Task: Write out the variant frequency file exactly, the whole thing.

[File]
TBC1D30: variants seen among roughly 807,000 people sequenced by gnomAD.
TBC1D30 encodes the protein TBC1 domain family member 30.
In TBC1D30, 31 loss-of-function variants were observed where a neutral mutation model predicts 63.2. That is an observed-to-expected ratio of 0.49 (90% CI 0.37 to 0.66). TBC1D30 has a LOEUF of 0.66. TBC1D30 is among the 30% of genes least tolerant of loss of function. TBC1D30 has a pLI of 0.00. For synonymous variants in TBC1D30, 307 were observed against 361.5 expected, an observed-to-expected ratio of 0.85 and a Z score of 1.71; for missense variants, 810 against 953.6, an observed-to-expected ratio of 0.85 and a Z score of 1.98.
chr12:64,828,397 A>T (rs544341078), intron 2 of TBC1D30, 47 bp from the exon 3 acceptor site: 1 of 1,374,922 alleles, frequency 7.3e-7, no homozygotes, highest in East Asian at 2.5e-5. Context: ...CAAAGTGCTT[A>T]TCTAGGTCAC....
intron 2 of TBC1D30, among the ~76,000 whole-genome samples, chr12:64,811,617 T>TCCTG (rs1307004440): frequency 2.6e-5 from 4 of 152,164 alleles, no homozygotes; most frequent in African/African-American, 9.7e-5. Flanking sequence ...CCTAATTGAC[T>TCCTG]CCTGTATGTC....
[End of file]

TBC1D30: variants seen among roughly 807,000 people sequenced by gnomAD.
TBC1D30 encodes the protein TBC1 domain family member 30.
In TBC1D30, 31 loss-of-function variants were observed where a neutral mutation model predicts 63.2. That is an observed-to-expected ratio of 0.49 (90% CI 0.37 to 0.66). TBC1D30 has a LOEUF of 0.66. TBC1D30 is among the 30% of genes least tolerant of loss of function. TBC1D30 has a pLI of 0.00. For synonymous variants in TBC1D30, 307 were observed against 361.5 expected, an observed-to-expected ratio of 0.85 and a Z score of 1.71; for missense variants, 810 against 953.6, an observed-to-expected ratio of 0.85 and a Z score of 1.98.
chr12:64,828,397 A>T (rs544341078), intron 2 of TBC1D30, 47 bp from the exon 3 acceptor site: 1 of 1,374,922 alleles, frequency 7.3e-7, no homozygotes, highest in East Asian at 2.5e-5. Context: ...CAAAGTGCTT[A>T]TCTAGGTCAC....
intron 2 of TBC1D30, among the ~76,000 whole-genome samples, chr12:64,811,617 T>TCCTG (rs1307004440): frequency 2.6e-5 from 4 of 152,164 alleles, no homozygotes; most frequent in African/African-American, 9.7e-5. Flanking sequence ...CCTAATTGAC[T>TCCTG]CCTGTATGTC....